The National Investigation Agency (NIA) has begun questioning members of the shadowy Mumbai-based religious cult, Islamic Guidance Society, whose members are suspected to have funded and facilitated the travel of four men from the city’s suburbs to fight with the Islamic State (IS) in the Middle East.
The widening investigation comes days after the arrest of Thane student turned IS jihadist Areeb Majeed, who returned home with bullet injuries. NIA sources said the agency on Tuesday questioned IGS activists Anil Dolare, Atif Inamdar and Sufian Sheikh, the last a lecturer who taught Anjuman-i-Islam Kalsekar Technical Campus, where Areeb Majeed was a final-year engineering college student.
The NIA’s investigation seeks to determine how Majeed and the three men he travelled with to Iraq obtained the Rs 60,000 each of them paid for their tickets. Majeed, the sources said, has told investigators he saved Rs 25,000 for the trip over six months, but has said nothing on how the group raised the remaining money, which they paid in cash to local tour operator Shaheen Travels.
Majeed, along with Shaheem Tanki, Fahad Sheikh and Aman Tandel flew to Iraq on May 23 as part of a pilgrims’ group. The four men then caught a taxi to Mosul, travelling through Fallujah.
The IGS, which has an estimated membership of 50-60, has held regular meetings in and around Mumbai for the past two years. Police sources say the group preaches an end-of-times theology, urging members to embrace its neo-fundamentalist conception of Islamic orthodoxy in preparation for the coming apocalypse.
Its core tenets include the belief that the apocalypse will be heralded by the Ghazwa-e-Hind — a prophesied war on India by an Islamic army.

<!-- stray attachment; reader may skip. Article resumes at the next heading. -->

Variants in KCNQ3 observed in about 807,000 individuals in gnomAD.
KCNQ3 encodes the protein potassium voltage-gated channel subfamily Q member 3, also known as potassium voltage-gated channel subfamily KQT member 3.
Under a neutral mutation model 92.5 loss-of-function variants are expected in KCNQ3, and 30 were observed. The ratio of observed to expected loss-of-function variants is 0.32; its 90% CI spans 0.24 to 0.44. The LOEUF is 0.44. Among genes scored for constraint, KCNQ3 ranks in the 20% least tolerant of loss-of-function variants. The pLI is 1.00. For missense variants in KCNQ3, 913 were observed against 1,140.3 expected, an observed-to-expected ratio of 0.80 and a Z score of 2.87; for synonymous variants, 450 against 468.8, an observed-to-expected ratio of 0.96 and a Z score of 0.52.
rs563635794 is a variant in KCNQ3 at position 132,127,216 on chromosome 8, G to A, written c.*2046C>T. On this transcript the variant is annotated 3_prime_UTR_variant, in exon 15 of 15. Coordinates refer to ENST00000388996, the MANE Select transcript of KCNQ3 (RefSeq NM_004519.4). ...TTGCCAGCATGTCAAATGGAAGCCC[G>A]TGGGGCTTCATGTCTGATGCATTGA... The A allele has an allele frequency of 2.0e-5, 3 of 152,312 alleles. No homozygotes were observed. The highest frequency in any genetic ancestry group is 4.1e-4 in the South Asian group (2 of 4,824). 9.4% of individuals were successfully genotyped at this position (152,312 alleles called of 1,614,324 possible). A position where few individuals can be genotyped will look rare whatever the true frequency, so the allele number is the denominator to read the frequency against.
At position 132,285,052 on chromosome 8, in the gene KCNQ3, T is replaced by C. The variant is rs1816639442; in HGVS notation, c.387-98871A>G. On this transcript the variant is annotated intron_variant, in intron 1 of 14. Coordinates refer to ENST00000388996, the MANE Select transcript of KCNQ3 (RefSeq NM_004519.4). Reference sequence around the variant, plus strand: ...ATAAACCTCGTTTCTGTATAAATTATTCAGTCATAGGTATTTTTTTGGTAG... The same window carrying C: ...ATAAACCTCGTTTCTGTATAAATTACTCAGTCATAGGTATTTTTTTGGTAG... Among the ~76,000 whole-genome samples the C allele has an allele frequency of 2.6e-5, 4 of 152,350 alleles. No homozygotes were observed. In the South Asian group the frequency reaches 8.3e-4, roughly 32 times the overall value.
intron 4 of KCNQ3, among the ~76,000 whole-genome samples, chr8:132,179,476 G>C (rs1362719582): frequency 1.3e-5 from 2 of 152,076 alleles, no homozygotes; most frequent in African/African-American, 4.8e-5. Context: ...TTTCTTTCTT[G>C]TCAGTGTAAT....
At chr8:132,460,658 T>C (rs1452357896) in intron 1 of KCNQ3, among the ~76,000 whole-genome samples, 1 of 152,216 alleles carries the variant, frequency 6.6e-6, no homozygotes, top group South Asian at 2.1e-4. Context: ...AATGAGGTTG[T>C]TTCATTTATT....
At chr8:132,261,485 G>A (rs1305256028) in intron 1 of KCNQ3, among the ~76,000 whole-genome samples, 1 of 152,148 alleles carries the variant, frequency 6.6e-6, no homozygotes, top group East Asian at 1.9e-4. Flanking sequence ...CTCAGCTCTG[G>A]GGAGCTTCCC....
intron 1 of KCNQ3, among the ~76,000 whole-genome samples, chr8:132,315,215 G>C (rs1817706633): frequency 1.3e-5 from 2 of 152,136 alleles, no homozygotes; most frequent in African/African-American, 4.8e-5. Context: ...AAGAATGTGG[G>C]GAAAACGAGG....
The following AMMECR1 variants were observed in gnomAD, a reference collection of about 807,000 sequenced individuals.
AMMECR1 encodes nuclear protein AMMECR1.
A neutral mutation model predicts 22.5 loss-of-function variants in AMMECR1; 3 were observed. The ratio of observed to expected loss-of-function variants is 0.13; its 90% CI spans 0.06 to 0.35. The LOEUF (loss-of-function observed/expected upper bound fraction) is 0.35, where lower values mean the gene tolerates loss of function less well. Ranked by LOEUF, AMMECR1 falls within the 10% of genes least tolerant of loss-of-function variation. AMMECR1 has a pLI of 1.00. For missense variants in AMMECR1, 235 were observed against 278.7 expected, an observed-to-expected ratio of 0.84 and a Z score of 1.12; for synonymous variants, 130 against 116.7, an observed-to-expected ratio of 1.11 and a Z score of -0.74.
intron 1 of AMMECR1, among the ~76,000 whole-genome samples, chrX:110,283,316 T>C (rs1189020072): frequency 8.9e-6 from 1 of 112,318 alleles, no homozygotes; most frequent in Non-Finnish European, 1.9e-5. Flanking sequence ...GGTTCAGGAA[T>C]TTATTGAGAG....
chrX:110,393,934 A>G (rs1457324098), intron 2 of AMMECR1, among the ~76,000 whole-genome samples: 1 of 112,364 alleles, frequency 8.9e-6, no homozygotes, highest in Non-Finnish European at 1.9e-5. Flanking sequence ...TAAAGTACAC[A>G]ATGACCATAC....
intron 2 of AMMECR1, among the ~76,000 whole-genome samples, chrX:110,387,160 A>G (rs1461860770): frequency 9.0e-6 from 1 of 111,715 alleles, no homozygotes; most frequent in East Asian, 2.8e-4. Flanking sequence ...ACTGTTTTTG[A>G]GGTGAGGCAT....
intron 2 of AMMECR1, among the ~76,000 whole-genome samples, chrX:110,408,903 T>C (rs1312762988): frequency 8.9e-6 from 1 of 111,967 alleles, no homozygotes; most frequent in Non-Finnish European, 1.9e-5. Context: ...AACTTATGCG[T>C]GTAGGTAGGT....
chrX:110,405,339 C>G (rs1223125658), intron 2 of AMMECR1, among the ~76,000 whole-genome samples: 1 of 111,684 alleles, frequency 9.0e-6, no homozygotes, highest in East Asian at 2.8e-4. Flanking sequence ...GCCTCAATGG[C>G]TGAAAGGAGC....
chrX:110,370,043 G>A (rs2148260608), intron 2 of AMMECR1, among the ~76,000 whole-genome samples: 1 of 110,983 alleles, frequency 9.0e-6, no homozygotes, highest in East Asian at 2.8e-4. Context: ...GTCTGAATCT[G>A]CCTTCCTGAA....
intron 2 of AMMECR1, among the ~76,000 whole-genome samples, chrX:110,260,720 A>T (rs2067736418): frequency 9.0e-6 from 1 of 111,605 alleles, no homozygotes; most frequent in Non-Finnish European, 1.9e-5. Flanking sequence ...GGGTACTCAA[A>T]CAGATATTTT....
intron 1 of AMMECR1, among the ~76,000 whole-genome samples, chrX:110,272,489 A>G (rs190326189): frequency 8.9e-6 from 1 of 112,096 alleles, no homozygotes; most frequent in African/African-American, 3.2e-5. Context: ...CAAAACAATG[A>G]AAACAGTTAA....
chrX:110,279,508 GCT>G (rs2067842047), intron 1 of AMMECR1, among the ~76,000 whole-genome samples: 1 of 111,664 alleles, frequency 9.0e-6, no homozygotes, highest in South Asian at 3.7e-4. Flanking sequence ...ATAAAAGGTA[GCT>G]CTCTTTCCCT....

Early this year, investigators say, Majeed was introduced to the IGS by a friend, Mumbra resident Fayaz Khan. He allegedly lost interest in studies thereafter, and began spending hours watching speeches by neo-fundamentalist preachers. Following the rise of the IS, he became increasingly convinced that the end of time was nigh — and decided to fight on the side of the “Caliph’s army”.
From Majeed’s Facebook account, investigators have determined that his contact was made through an account operated by Tahira Bhat, a pseudonym for a still unknown individual. ‘Tahira Bhat’, whose now-defunct Facebook page claimed to offer access to the IS, provided Majeed with contact details for an “Abu Fatima” in Baghdad, would would lead them to the group.
In a statement to the Mumbai Police — which, under Indian law, is not admissible for the purposes of his trial — Majeed said the group took a taxi to Mosul, and stayed at a mosque. There, an individual named “Ali” put them in contact with the IS.
The group, according to investigators, trained at a camp on the Euphrates, some 40 km from the IS capital of al-Raqqa. They were put through basic fitness drills, taught how to use small arms, and received basic instruction in the operation of area-weapons like rocket-propelled grenades. They were also given kuniyats, Arabic nom de guerre picked from the names of the Prophet’s companions.
Investigators say Majeed has told them that he was named Abu Ali al-Hindi, Sheikh was called Abu Bakr al-Hindi, Tandel Abu Mar al-Hindi and Shaheem Abu Usman al-Hindi. Following the basic training, Majeed was apparently deployed to the Bazwaya region, some 15 km east of Mosul.
Majeed has reportedly told the NIA that he fought Kurdish forces for control of the region’s critical dam east of Mosul, and sustained injuries to his leg during an airstrike. He was then told to drive vehicles filled with explosives.
After being hit in the chest, and later in one arm, however, Majeed was relieved of his tour of duty with a $ 2000 cash reward from his unit commander, investigators say.